While animation may not be the main influence on media, culture and conversation in the West (at least for any non-weeaboos that is), over in Japan, anime and manga is everywhere. Mangekas, animators and television companies have inspired music, fashion, books, brands, movies and almost everything else you can think of in Japan. In fact, without adopting anime as an integral part of their culture, Japan would arguably be nowhere near as flamboyant, colorful and creative as it is today. It is so overwhelmingly popular that cartoons, Otaku subcultures and games based on manga and anime have been adopted by multiple other countries around the world.
If you grew up in the 1980s or ’90s, chances are you remember watching anime on television and pining over the action figures, trading cards and clothing they inspired. One Piece, Sailor Moon, Dragon Ball and many other incredibly successful cartoons created in Japan received syndication in the US and other western countries, sparking a love for anime in children around the world.
According to The Association of Japanese Animation report published last year, by the end of 2015, the Japanese animation industry was worth approximately $15.9 billion and held over 4300 contracts with overseas markets. The countries with the most licenses with Japanese animation companies were the United States with 298, China with 286 and Canada, which has 181. Needless to say, North America is full of anime enthusiasts.
Still, as popular as anime is, there is an entertainment industry that is even more successful: video games. Arc System Works, Capcom, Sega, Namco Bandai Games and Nintendo are just some of the incredibly successful games developer studios that began in Japan and are now known worldwide.
Of course, since many major games developers also come from Japan, anime and video games have often come together to create extremely popular titles. By far the most successful of these has been the Pokémon franchise, as both the games and the anime spinoff have huge audiences to this day.
Nintendo’s Pocket Monsters was released in 1996, though Japanese children soon created the portmanteau Pokémon, which went on to be the title American markets used. Though the games were undeniably popular, merchandising was a little difficult as there was no solid protagonist or story line, thus the anime was created. Over 20 years later, new seasons of the anime continue to air around the world, drawing in an entirely new generation of fans.
Just when it seemed impossible for Pokémon to get any more popular, Niantic released the augmented reality smartphone game Pokémon Go in July 2016. You see, while Japanese studios were creating manga, anime and video games there was yet another national industry flourishing: mobile phones. In fact, the first ever smartphone was released by the Japanese firm NTT DoCoMo in 1999, while the rest of the world didn’t really adopt the new technology until the late 2000s.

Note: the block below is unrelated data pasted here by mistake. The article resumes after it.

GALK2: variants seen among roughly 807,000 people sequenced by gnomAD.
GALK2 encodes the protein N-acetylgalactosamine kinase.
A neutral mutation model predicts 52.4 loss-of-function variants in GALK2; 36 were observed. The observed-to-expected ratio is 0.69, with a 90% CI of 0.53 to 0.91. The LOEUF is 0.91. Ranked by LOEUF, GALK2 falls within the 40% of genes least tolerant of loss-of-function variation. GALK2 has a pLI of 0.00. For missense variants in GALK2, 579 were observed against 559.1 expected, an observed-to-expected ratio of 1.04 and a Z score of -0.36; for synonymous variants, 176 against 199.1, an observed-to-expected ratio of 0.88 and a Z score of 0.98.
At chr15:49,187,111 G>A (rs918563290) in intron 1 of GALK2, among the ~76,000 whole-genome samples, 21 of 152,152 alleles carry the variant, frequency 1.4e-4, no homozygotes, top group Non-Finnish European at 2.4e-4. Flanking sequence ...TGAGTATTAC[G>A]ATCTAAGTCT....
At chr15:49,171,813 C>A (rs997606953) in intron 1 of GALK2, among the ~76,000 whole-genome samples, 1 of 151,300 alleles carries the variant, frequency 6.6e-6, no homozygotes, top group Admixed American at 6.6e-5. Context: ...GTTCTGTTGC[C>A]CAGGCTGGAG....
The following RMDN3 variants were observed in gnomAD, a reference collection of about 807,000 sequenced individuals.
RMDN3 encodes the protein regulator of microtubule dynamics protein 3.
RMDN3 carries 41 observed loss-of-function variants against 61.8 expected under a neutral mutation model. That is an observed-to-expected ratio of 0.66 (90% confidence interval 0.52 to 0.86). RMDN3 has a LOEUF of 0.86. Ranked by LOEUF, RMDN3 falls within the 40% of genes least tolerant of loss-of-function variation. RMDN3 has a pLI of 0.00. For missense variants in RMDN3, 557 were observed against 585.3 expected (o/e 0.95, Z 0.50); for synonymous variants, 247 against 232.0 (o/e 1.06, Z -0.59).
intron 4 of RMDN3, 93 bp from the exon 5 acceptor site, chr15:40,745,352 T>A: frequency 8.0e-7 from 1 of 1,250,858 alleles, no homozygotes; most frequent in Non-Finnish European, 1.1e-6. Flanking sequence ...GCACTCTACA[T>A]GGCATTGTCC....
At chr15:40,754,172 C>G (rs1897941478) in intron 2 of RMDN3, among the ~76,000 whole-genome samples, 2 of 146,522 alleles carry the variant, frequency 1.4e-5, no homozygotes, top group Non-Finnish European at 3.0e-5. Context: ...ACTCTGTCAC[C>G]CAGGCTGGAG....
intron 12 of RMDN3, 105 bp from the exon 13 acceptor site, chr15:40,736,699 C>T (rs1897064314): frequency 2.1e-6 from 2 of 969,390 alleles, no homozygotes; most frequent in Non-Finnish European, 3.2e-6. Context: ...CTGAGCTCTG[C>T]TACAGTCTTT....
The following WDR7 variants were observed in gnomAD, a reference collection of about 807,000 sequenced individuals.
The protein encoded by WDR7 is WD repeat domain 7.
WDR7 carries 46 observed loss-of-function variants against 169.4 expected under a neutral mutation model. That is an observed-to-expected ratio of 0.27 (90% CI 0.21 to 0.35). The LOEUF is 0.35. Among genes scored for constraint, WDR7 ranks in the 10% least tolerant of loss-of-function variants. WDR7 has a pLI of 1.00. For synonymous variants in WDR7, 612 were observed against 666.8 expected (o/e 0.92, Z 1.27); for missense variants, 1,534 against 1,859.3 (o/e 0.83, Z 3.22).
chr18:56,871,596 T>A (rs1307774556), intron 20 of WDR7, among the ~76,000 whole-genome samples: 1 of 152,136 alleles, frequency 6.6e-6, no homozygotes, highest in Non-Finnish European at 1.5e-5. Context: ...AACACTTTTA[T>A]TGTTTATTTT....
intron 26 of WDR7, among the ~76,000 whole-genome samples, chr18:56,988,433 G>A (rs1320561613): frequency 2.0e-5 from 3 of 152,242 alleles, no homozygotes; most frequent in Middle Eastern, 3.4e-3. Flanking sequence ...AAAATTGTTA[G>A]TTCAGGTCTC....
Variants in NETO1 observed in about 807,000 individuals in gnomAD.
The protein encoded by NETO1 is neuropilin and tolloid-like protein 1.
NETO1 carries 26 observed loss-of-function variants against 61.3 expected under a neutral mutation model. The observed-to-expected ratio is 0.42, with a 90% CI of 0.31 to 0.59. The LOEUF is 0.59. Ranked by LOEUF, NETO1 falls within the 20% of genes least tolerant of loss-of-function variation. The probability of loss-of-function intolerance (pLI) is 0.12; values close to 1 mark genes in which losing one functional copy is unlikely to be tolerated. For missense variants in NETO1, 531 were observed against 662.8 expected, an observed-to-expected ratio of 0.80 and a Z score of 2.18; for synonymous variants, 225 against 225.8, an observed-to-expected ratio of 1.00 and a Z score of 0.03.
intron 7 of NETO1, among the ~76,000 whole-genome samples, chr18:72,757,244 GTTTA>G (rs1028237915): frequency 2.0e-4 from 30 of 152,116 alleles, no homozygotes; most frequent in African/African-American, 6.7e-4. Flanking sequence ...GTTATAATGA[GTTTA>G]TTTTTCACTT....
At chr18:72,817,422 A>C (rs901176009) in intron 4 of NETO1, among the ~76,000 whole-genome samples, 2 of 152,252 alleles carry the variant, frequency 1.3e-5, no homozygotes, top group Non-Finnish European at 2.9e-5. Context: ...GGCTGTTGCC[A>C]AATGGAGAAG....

These days, there are approximately 2.1 billion smartphone users around the world, though this number is expected to rise to 3 billion by the end of 2018. The technology allows users to access high-quality games anywhere, anytime through their provider’s app stores or a web browser. This is most probably why mobile gaming recently became the gaming industry’s most successful sector, accounting for 32% of revenue worldwide according to a report from Newzoo.
Fortunately, the Japanese influence remains in mobile games to this day. Super Mario Run remains popular, as do Final Fantasy IX, Space Invaders Infinity Gene and Chrono Trigger. Even developers and gaming sectors that you wouldn’t normally associate with Japan have been influenced. For example, 32Red mobile casino has video slots such as Emperor of the Sea and Lucky Koi, both of which have been heavily influenced by Japan’s impact on the gaming world. There are also anime-themed casinos such as Lucky Niki, while Casino City has a section dedicated to anime games.
Needless to say, Japan has been a critical force in the creation and popularity of mobile games. Pokémon Go alone can be found on 1 in 10 US smartphones, while in Japan 20% of smartphone owners still play it. As it is the first globally popular augmented reality smartphone game, it has no doubt influenced developers around the world to put time, money and effort into creating other augmented and virtual reality mobile games in the future.
Other anime-inspired mobile games include Love Life! School Idol Festival, Bleach Brave Souls, Sailor Moon Drops and Yu-Gi-Oh! Duel Generation, and while they may not have the same level of impact as Pokémon Go we guarantee they are helping to pave the way for future mobile games. So, whether you’re still trying to Catch ‘Em All, you’re getting lucky on 32Red slots or you’re d-d-d-d-dueling on Yu-Gi-Oh!, always remember the incredible contribution Japan and anime have made to the world’s mobile gaming industry.